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As Christmas approaches

We are on the last rush before the holidays. House are decorated, radio plays Christmas music, kids are getting excited and people communicate their wishlist to loved ones.  I’ll chip in  a few ideas for potential letters to Santa Claus.

First off, if you happen to be a drummer, you can always use more sticks. Or some Hot rod. Hot Rods are little sticks bunched up together that have a softer sound on the drum kit. They don’t require any particular technique and they can save your butt if you need to play in a quiet situation. You can also decide to get some brushes, these are fun. But those might require you to seek out the technique to play them (I know an excellent drum teacher that can help you).

For a drummer who like gizmos, the table is spread! You got the rotating tuning key, the one that has a handle that swivels. You got special effects cymbals, whether it’s a China cymbal, or a trash one. That’s a little more pricey, but it is a great present. You can also opt to get a tambourine, one of those you can mount on the hi hat, or some little wood blocks, or a Cajon, always useful at parties. Cajon are fairly cheap with some of them under the $100 mark, the most expensive running upward of $200. Don’t know what a cajon is, here’s one:

What else could you get? Oh, a cow bell. If you want an easy-does-it little sound effects to attach to the kit of the favorite drummer in your life, think cow bell. 20 bucks for the thing, and 30 buck for the thing that attach the thing to the thing and you’re done at right around $50. Cow bell!

Now, let’s see, do you love a drummer? Is she loud? Really loud? Irritating? Taps her way through any conversation like a nervous tick? Ok. Christmas time! First off, there are pads. That’s the name. It make a very soft sound and drummers need to spend a lot of time on it. Second: tips! There are some soft plastic tip you can put on the tip of drum sticks to make them quieter. You can find those pretty much anywhere. They are small and cheap, but they come with a long name: “4 Pieces Drum Mute Drum Dampener Silicone Drumstick Silent Practice Tips Percussion Accessory Mute Replacement Musical Instruments Accessory”. Say that 5 times in one breath. 

All right, enough with the drummers.

Now the piano.

Piano players seem to be all set once they get the instrument itself: the piano or the keyboard that can help them practice. But they are a ton of other things you can do. One of the must is the scarf that has the keyboard design. No, I’m kidding. But maybe I’m not. Same for the mug with the keyboard on it, or the toothbrush with the keyboard on it, or the pendant in a shape of a piano, or the one in the shape of an eighth note. You understand, you get me. Those present are cheap and can fill up a stocking real quick.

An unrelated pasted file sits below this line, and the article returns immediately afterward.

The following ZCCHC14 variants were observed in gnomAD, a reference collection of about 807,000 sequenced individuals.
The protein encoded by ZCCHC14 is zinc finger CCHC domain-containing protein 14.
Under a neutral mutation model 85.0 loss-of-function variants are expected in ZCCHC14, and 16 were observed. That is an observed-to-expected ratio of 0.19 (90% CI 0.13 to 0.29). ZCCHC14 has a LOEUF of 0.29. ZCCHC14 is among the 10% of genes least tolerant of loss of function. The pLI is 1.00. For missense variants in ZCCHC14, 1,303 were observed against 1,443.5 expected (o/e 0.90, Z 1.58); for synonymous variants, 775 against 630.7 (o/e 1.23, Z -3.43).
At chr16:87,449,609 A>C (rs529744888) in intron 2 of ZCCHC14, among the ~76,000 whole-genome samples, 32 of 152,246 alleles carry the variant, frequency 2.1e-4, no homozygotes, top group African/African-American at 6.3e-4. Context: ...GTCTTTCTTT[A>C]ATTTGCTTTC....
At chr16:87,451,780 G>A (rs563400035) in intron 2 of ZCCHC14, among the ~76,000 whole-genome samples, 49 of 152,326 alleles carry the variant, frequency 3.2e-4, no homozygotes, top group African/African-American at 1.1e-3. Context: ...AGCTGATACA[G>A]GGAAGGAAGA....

That’s for the fun ones. Let’s see now the useful ones.

Let’s go with the ambiguous one first: the metronome. Oh, that’s a conflicted signal you’re sending to the cherish piano player of your life when you get them a metronome. You can get those old one that have the moving arm. They go “Click click” until the end of time, you got to recrank them when they run out of juice. You can can go with the modern version. Google “electric metronome”and you’ll get the lot.

You can hint at a favorite author you’d like to hear in the repertoire of your lovely pianist. That present is very cheap and easy: get her a book with a few songs by said author. Less than 10 bucks usually. Only one caveat: make sure it’s at about her level. Something too easy, she’ll yawn, too hard she’ll give up.

Otherwise you can offer a subscription to It has a ton of videos of concerts, operas, ballets, etc… I’m not sure how much that’ll run you, maybe $60 for a yearly subscription. For a little more money, and something she can actually play with, you can offer a subscription to Presonus Sphere. This one requires a little more preparation. First off, what is “Presonus sphere”? It is a program you rent from Presonus that’s made for the recording needs of studio engineer. It’s got everything you need on the computer plus the sounds, but without the keyboard itself. Ha! I forgot. This program requires you to have a computer and keyboard. It doesn’t work with the acoustic pianos. It needs to have a midi plug. The midi plug itself will have to be plugged into an interface that’s connected to the computer, and that’s about it. Once you got that, you’re ready to rock. Literally. Or Samba, you can samba too. Or Hip-hop. It’s got a world of sound. The price of “Presonus Sphere”? $14.95 per month. Or $179.40 per year. We are still under the $200 mark. It will require a little learning from the keyboardist, but all is explained on wonderful videos available on YouTube.

What else? The piano player doesn’t have a sustain pedal? Get one. Less than $20. An extra wide clip music stand orchestra light: less than $30. Little clips to keep the book open: Less than $12. Piano Chords, Scales & Modes Charts: about $13. 

Ok, I’ll stop. That should be enough. Now you can race to the store.


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